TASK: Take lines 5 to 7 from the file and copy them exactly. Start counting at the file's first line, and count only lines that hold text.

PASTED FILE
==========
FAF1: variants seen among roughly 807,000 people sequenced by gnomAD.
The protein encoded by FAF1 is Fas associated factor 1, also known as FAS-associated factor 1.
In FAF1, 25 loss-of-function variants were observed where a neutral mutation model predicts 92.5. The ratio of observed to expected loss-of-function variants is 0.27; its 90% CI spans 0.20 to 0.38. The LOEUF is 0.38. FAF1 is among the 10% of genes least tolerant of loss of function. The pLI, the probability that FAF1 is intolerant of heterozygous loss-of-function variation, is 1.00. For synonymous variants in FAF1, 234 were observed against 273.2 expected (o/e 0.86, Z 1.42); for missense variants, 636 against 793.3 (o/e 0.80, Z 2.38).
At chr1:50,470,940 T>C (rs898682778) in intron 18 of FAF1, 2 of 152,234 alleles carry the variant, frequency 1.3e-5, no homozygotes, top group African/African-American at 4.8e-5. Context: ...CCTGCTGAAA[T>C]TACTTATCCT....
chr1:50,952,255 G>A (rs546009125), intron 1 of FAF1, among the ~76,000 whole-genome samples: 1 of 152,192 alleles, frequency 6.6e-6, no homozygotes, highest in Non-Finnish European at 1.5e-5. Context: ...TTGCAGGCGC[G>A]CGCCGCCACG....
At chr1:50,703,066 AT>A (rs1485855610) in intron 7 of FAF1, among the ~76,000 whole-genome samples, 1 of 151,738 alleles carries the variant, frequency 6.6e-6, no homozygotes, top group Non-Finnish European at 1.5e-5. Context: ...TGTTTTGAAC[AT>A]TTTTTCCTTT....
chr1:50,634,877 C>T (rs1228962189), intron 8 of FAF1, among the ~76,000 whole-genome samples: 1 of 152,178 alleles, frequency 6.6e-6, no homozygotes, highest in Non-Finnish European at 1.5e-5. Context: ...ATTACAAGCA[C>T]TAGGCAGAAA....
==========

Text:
chr1:50,952,255 G>A (rs546009125), intron 1 of FAF1, among the ~76,000 whole-genome samples: 1 of 152,192 alleles, frequency 6.6e-6, no homozygotes, highest in Non-Finnish European at 1.5e-5. Context: ...TTGCAGGCGC[G>A]CGCCGCCACG....
At chr1:50,703,066 AT>A (rs1485855610) in intron 7 of FAF1, among the ~76,000 whole-genome samples, 1 of 151,738 alleles carries the variant, frequency 6.6e-6, no homozygotes, top group Non-Finnish European at 1.5e-5. Context: ...TGTTTTGAAC[AT>A]TTTTTCCTTT....
chr1:50,634,877 C>T (rs1228962189), intron 8 of FAF1, among the ~76,000 whole-genome samples: 1 of 152,178 alleles, frequency 6.6e-6, no homozygotes, highest in Non-Finnish European at 1.5e-5. Context: ...ATTACAAGCA[C>T]TAGGCAGAAA....